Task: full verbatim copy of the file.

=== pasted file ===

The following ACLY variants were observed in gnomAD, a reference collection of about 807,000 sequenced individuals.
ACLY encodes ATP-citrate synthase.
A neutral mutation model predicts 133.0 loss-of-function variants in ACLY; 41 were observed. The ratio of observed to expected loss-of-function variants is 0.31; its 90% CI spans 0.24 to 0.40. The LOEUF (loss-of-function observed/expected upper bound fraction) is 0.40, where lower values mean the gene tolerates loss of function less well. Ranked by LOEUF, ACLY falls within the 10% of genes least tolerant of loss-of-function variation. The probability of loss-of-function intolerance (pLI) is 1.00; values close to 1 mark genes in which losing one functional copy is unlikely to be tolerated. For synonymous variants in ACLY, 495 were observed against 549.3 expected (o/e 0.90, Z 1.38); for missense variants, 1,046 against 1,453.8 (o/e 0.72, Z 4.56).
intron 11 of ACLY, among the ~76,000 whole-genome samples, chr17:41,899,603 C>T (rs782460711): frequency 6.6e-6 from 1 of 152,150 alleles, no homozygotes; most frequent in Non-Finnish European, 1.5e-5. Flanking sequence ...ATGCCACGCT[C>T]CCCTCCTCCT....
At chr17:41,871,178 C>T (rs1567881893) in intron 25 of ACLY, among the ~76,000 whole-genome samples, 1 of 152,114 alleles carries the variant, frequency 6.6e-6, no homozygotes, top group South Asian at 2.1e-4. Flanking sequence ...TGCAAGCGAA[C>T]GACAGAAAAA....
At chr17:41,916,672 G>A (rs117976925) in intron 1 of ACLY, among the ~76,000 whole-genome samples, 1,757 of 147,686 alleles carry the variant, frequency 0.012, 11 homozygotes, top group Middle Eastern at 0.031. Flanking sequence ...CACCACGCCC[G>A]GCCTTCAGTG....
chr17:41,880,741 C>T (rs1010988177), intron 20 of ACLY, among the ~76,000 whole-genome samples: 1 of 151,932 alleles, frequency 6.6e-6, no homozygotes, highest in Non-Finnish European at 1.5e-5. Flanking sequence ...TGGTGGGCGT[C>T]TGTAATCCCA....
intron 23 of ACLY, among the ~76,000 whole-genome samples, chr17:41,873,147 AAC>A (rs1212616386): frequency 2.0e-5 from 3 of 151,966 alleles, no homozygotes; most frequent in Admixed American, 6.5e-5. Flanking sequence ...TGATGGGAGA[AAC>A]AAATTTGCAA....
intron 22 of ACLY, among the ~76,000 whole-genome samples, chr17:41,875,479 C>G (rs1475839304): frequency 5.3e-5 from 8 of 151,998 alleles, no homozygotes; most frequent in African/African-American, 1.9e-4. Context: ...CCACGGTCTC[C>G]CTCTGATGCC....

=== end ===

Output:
The following ACLY variants were observed in gnomAD, a reference collection of about 807,000 sequenced individuals.
ACLY encodes ATP-citrate synthase.
A neutral mutation model predicts 133.0 loss-of-function variants in ACLY; 41 were observed. The ratio of observed to expected loss-of-function variants is 0.31; its 90% CI spans 0.24 to 0.40. The LOEUF (loss-of-function observed/expected upper bound fraction) is 0.40, where lower values mean the gene tolerates loss of function less well. Ranked by LOEUF, ACLY falls within the 10% of genes least tolerant of loss-of-function variation. The probability of loss-of-function intolerance (pLI) is 1.00; values close to 1 mark genes in which losing one functional copy is unlikely to be tolerated. For synonymous variants in ACLY, 495 were observed against 549.3 expected (o/e 0.90, Z 1.38); for missense variants, 1,046 against 1,453.8 (o/e 0.72, Z 4.56).
intron 11 of ACLY, among the ~76,000 whole-genome samples, chr17:41,899,603 C>T (rs782460711): frequency 6.6e-6 from 1 of 152,150 alleles, no homozygotes; most frequent in Non-Finnish European, 1.5e-5. Flanking sequence ...ATGCCACGCT[C>T]CCCTCCTCCT....
At chr17:41,871,178 C>T (rs1567881893) in intron 25 of ACLY, among the ~76,000 whole-genome samples, 1 of 152,114 alleles carries the variant, frequency 6.6e-6, no homozygotes, top group South Asian at 2.1e-4. Flanking sequence ...TGCAAGCGAA[C>T]GACAGAAAAA....
At chr17:41,916,672 G>A (rs117976925) in intron 1 of ACLY, among the ~76,000 whole-genome samples, 1,757 of 147,686 alleles carry the variant, frequency 0.012, 11 homozygotes, top group Middle Eastern at 0.031. Flanking sequence ...CACCACGCCC[G>A]GCCTTCAGTG....
chr17:41,880,741 C>T (rs1010988177), intron 20 of ACLY, among the ~76,000 whole-genome samples: 1 of 151,932 alleles, frequency 6.6e-6, no homozygotes, highest in Non-Finnish European at 1.5e-5. Flanking sequence ...TGGTGGGCGT[C>T]TGTAATCCCA....
intron 23 of ACLY, among the ~76,000 whole-genome samples, chr17:41,873,147 AAC>A (rs1212616386): frequency 2.0e-5 from 3 of 151,966 alleles, no homozygotes; most frequent in Admixed American, 6.5e-5. Flanking sequence ...TGATGGGAGA[AAC>A]AAATTTGCAA....
intron 22 of ACLY, among the ~76,000 whole-genome samples, chr17:41,875,479 C>G (rs1475839304): frequency 5.3e-5 from 8 of 151,998 alleles, no homozygotes; most frequent in African/African-American, 1.9e-4. Context: ...CCACGGTCTC[C>G]CTCTGATGCC....